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Posts Tagged ‘Arthurian legend’

NC Wyeth The GiantIn an earlier post I talked about the great American painter Andrew Wyeth on the day after he died.  His father was NC Wyeth who was the preeminent illustrator of the early 20th century, illustrating some of the great books of the time.

Throughout his life, he wanted to be known not as an illustrator but as an easel painter, a fine artist.  There seemed to be this fine distinction that because an illustrator brought the scenes and ideas of others’ stories to life that they were somehow below the work of those who painted solely their own ideas.  I never understood that concept because it was still Wyeth who composed the paintings and created the colors and brushstrokes that distinguished the work.  Wasn’t this very much the same as many Renaissance artists who painted many of their great works for the Church?  Are they not considered fine artists?

NC Wyeth- Rip Van WinkleI’ve always been attracted to the work of NC Wyeth having seen it innumerable times in print.  There was a real dynamic quality, punch, in his paintings.  However, it wasn’t until I saw his work in person that I truly appreciated how beautiful his work truly was.

He treated many of his illustrations as fine paintings, with glorious paint appplication that created beautiful surfaces within the painting.  His colors were complex, hardly ever a pure single color.  His blues often had glazes of red, his whites tinged with yellows.  All of his colors had an  earthy base that gave them a dark edge and weight. His compositions were bold and inventive, highly contrasting and dramatic to best illustrate many of the adventure stories on which he worked.  In person, many of these paintings are even more stunning than on the printed page.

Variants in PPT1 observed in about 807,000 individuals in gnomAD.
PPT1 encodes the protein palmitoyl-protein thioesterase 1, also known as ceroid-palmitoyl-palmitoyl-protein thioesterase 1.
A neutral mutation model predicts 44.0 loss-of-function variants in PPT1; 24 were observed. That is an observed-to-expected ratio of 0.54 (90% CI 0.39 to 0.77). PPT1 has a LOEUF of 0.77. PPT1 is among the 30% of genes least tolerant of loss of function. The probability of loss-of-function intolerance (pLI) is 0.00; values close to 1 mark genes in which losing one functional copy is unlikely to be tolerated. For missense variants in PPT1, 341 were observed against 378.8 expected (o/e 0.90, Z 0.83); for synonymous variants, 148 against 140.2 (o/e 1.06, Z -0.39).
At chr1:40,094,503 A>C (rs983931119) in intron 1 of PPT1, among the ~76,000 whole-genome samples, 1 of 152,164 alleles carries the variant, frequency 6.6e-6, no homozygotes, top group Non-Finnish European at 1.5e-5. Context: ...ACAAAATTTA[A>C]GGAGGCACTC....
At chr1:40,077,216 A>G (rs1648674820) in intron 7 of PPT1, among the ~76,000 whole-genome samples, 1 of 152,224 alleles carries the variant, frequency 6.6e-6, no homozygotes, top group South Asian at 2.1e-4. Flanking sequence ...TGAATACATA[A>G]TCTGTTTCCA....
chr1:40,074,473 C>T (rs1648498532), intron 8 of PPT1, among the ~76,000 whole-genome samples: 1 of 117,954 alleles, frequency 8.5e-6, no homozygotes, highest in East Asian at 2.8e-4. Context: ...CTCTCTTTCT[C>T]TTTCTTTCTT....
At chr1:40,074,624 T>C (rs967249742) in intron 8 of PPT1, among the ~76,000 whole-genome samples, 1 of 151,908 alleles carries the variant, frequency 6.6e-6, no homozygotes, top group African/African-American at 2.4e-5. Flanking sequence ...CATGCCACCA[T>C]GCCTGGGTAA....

NC Wyeth Last of the MohicansHis non-illustrative work was much more mundane, less dramatic but well executed.  His real spark seemed to be from the stories he was bringing to life.  The Arthurian legends, the Leatherstocking tales of Cooper, the pirates of Robert Louis Stevenson–  all seemed fresh and new in his paintings.  Unlike many artists, I think being freed from having to create a narrative of his own actually gave him the opportunity to fully exploit all the knowledge of technique and composition he held.  As though having the decision of what to paint taken from his hands allowed that energy that would be expended to be used on making the painting stronger.  Whatever the case, whether you choose to call it fine art or illustration, the resulting work was memorable and deserves a nod.  It continues to inspire to this very day.

NC Wyeth Blind PewNC Wyeth

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